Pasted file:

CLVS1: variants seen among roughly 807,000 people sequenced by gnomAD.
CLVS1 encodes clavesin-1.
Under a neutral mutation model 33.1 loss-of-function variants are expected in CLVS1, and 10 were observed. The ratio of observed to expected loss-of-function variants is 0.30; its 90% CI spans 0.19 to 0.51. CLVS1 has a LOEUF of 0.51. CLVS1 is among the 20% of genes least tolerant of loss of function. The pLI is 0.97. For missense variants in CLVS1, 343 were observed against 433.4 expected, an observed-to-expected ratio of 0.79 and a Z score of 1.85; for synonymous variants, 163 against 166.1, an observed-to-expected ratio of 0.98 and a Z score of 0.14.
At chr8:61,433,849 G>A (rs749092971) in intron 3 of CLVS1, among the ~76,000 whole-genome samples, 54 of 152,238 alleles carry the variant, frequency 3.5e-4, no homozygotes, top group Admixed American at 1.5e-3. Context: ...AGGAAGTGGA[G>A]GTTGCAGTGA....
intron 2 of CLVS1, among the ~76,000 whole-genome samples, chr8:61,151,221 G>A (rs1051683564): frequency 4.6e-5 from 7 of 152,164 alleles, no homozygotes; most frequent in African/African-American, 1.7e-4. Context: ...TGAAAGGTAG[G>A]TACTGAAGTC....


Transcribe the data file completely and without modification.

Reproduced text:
CLVS1: variants seen among roughly 807,000 people sequenced by gnomAD.
CLVS1 encodes clavesin-1.
Under a neutral mutation model 33.1 loss-of-function variants are expected in CLVS1, and 10 were observed. The ratio of observed to expected loss-of-function variants is 0.30; its 90% CI spans 0.19 to 0.51. CLVS1 has a LOEUF of 0.51. CLVS1 is among the 20% of genes least tolerant of loss of function. The pLI is 0.97. For missense variants in CLVS1, 343 were observed against 433.4 expected, an observed-to-expected ratio of 0.79 and a Z score of 1.85; for synonymous variants, 163 against 166.1, an observed-to-expected ratio of 0.98 and a Z score of 0.14.
At chr8:61,433,849 G>A (rs749092971) in intron 3 of CLVS1, among the ~76,000 whole-genome samples, 54 of 152,238 alleles carry the variant, frequency 3.5e-4, no homozygotes, top group Admixed American at 1.5e-3. Context: ...AGGAAGTGGA[G>A]GTTGCAGTGA....
intron 2 of CLVS1, among the ~76,000 whole-genome samples, chr8:61,151,221 G>A (rs1051683564): frequency 4.6e-5 from 7 of 152,164 alleles, no homozygotes; most frequent in African/African-American, 1.7e-4. Context: ...TGAAAGGTAG[G>A]TACTGAAGTC....